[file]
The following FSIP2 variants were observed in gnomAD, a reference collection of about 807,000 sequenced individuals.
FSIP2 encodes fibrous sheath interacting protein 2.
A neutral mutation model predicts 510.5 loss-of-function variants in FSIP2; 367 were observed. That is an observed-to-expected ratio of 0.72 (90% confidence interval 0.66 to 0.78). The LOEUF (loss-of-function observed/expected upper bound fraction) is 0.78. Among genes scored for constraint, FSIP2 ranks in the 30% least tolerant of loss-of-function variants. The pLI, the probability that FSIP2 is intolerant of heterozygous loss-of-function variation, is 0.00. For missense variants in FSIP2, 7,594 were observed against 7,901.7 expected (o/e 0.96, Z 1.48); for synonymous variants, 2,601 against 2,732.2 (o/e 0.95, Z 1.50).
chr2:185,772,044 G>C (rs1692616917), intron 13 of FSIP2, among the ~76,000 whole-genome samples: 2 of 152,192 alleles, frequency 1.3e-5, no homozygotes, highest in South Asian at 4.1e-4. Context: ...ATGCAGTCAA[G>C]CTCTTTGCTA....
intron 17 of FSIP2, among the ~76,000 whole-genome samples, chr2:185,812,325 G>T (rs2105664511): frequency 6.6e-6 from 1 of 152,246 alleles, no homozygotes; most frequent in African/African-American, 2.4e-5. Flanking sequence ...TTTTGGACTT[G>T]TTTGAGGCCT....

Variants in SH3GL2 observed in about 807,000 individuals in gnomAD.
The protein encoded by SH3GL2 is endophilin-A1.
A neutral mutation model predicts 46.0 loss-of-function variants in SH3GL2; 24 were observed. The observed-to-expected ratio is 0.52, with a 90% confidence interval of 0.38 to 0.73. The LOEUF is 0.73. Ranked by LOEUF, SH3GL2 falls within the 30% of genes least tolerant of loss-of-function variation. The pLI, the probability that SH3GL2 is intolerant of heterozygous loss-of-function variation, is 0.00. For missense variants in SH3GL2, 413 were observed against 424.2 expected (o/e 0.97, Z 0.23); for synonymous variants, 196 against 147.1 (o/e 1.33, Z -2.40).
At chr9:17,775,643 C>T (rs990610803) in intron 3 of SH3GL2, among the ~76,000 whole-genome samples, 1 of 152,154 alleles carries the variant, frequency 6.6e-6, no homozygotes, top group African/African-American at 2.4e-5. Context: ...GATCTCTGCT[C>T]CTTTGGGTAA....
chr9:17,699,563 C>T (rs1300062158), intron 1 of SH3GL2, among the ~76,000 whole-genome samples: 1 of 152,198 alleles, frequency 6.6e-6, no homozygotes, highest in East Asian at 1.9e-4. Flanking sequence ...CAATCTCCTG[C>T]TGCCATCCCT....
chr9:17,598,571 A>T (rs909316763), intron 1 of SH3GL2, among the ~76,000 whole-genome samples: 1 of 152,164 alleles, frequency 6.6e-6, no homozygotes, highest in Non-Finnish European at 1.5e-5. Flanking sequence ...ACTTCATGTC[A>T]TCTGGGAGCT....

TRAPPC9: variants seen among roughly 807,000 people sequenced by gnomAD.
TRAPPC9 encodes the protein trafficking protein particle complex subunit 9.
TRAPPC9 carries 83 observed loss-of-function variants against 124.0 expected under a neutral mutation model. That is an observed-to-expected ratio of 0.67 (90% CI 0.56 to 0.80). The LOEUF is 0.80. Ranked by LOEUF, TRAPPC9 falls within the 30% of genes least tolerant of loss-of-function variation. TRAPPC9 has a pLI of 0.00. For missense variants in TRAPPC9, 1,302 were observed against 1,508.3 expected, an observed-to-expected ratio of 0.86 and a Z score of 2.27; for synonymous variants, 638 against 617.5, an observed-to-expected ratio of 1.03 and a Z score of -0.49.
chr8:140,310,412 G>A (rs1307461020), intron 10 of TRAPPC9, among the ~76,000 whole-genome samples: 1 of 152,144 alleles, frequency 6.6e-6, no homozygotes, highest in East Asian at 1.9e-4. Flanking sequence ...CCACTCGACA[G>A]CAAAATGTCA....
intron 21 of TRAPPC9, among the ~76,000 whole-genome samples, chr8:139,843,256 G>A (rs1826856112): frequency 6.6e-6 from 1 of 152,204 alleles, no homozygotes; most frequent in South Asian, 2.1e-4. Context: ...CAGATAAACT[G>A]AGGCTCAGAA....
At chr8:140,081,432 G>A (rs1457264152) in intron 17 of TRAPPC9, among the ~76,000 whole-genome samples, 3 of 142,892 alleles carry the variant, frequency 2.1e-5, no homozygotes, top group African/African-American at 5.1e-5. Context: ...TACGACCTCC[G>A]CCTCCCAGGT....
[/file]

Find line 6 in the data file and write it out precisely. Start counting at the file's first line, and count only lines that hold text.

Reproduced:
Variants in SH3GL2 observed in about 807,000 individuals in gnomAD.